Background: Percutaneous coronary intervention (PCI) and coronary artery bypass graft surgery (CABG) are being applied to high-risk populations, but previous randomized trials comparing revascularization methods have excluded a number of important high-risk groups.
Objectives: This five-year, multicenter, randomized clinical trial was designed to compare long-term survival among patients with medically refractory myocardial ischemia and a high risk of adverse outcomes assigned to either a CABG or a PCI strategy, which could include stents.
Methods: Patients from 16 Veterans Affairs Medical Centers were screened to identify myocardial ischemia refractory to medical management and the presence of one or more risk factors for adverse outcome with CABG, including prior open-heart surgery, age >70 years, left ventricular ejection fraction <0.35, myocardial infarction within seven days or intraaortic balloon pump required. Clinically eligible patients (n = 2,431) underwent coronary angiography; 781 were angiographically acceptable; 454 (58% of eligible) patients consented to random assignment between CABG and PCI.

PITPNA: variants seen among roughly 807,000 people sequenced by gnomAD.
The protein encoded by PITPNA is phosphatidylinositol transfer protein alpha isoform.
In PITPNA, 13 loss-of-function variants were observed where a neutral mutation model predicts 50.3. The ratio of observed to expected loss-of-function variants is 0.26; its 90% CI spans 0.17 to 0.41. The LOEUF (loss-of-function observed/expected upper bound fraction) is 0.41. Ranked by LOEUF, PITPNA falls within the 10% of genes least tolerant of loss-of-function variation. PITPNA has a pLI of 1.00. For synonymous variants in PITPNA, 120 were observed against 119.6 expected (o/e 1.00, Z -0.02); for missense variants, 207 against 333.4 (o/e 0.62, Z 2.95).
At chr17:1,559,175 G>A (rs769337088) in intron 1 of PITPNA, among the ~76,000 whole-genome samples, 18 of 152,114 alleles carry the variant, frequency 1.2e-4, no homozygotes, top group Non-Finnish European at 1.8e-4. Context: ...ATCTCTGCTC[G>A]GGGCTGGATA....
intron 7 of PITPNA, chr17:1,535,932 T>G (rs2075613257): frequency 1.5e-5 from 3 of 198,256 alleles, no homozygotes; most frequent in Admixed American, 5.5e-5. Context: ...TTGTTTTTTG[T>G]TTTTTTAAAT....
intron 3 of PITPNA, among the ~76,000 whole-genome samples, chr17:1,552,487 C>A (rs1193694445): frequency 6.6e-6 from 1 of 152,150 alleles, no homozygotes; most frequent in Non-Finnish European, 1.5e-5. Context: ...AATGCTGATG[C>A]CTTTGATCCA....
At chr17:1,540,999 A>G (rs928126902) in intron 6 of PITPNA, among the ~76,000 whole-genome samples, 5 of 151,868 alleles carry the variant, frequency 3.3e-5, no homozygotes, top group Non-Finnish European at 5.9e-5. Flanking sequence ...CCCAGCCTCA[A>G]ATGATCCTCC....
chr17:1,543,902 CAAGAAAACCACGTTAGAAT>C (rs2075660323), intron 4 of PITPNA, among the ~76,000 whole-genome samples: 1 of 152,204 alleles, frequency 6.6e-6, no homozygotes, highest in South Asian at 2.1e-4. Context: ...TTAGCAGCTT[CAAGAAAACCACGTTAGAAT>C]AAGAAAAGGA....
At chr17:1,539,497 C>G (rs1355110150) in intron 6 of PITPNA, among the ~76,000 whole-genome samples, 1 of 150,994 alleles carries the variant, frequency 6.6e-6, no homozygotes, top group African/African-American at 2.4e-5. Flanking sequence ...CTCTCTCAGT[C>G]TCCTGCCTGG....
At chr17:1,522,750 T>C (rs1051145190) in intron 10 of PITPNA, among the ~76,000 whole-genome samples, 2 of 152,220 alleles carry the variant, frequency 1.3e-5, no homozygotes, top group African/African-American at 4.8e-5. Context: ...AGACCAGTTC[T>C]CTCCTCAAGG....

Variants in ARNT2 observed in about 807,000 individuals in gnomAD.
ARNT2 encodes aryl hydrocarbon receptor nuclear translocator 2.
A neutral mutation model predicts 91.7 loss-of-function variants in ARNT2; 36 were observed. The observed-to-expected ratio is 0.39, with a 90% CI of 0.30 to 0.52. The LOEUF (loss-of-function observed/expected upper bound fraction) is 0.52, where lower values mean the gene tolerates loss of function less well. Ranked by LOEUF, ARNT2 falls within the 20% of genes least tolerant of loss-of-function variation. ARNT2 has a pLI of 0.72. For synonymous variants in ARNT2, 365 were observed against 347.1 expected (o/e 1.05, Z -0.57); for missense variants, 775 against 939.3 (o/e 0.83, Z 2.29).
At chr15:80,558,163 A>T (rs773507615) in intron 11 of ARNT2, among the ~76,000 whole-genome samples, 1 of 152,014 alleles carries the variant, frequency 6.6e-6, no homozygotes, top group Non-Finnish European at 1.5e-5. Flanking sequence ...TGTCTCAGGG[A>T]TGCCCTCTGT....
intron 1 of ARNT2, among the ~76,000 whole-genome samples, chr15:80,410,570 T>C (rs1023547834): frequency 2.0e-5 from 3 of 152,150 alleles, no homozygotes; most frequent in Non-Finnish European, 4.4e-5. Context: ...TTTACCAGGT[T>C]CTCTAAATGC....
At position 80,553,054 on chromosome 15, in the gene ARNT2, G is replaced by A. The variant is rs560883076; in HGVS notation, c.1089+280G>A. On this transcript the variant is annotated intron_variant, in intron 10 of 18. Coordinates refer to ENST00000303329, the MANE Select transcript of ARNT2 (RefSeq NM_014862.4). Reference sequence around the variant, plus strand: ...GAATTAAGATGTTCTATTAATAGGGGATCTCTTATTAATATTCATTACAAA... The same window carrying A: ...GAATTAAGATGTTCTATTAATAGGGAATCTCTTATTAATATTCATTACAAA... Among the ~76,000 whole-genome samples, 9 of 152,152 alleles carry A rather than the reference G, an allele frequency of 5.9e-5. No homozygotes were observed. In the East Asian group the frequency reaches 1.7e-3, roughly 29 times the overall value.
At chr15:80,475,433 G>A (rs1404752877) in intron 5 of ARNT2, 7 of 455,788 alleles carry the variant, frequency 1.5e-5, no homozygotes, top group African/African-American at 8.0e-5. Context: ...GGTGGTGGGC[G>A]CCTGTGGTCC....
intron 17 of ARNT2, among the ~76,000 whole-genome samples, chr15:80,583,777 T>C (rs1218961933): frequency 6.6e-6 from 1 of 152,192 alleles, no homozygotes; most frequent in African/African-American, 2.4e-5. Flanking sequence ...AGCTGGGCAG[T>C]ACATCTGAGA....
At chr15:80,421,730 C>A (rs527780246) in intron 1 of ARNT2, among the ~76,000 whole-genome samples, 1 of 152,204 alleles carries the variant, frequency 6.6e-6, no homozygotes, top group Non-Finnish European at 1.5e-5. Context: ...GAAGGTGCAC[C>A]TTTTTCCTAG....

Results: A total of 232 patients was randomized to CABG and 222 to PCI. The 30-day survivals for CABG and PCI were 95% and 97%, respectively. Survival rates for CABG and PCI were 90% versus 94% at six months and 79% versus 80% at 36 months (log-rank test, p = 0.46).
Conclusions: Percutaneous coronary intervention is an alternative to CABG for patients with medically refractory myocardial ischemia and a high risk of adverse outcomes with CABG.